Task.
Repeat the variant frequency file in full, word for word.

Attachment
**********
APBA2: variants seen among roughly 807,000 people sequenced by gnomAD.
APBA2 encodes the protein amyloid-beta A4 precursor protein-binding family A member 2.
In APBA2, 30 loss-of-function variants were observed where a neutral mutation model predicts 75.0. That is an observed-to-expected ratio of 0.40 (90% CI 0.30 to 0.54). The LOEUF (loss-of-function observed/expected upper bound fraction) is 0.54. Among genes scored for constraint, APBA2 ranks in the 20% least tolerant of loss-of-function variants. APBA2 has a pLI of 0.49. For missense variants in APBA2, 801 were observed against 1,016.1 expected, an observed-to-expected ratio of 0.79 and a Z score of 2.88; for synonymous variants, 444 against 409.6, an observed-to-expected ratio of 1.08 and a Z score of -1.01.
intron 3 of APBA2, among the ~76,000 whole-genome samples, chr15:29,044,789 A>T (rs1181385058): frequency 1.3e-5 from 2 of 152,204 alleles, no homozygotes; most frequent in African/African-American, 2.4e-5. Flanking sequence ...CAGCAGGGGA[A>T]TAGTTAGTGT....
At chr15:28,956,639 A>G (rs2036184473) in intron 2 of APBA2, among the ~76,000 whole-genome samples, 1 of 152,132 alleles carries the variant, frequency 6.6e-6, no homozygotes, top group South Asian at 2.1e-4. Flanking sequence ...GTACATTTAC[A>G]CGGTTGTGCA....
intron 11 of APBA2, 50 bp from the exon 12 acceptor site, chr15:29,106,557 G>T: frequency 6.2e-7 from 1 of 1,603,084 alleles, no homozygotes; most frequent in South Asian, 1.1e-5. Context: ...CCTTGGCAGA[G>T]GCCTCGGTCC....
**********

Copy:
APBA2: variants seen among roughly 807,000 people sequenced by gnomAD.
APBA2 encodes the protein amyloid-beta A4 precursor protein-binding family A member 2.
In APBA2, 30 loss-of-function variants were observed where a neutral mutation model predicts 75.0. That is an observed-to-expected ratio of 0.40 (90% CI 0.30 to 0.54). The LOEUF (loss-of-function observed/expected upper bound fraction) is 0.54. Among genes scored for constraint, APBA2 ranks in the 20% least tolerant of loss-of-function variants. APBA2 has a pLI of 0.49. For missense variants in APBA2, 801 were observed against 1,016.1 expected, an observed-to-expected ratio of 0.79 and a Z score of 2.88; for synonymous variants, 444 against 409.6, an observed-to-expected ratio of 1.08 and a Z score of -1.01.
intron 3 of APBA2, among the ~76,000 whole-genome samples, chr15:29,044,789 A>T (rs1181385058): frequency 1.3e-5 from 2 of 152,204 alleles, no homozygotes; most frequent in African/African-American, 2.4e-5. Flanking sequence ...CAGCAGGGGA[A>T]TAGTTAGTGT....
At chr15:28,956,639 A>G (rs2036184473) in intron 2 of APBA2, among the ~76,000 whole-genome samples, 1 of 152,132 alleles carries the variant, frequency 6.6e-6, no homozygotes, top group South Asian at 2.1e-4. Flanking sequence ...GTACATTTAC[A>G]CGGTTGTGCA....
intron 11 of APBA2, 50 bp from the exon 12 acceptor site, chr15:29,106,557 G>T: frequency 6.2e-7 from 1 of 1,603,084 alleles, no homozygotes; most frequent in South Asian, 1.1e-5. Context: ...CCTTGGCAGA[G>T]GCCTCGGTCC....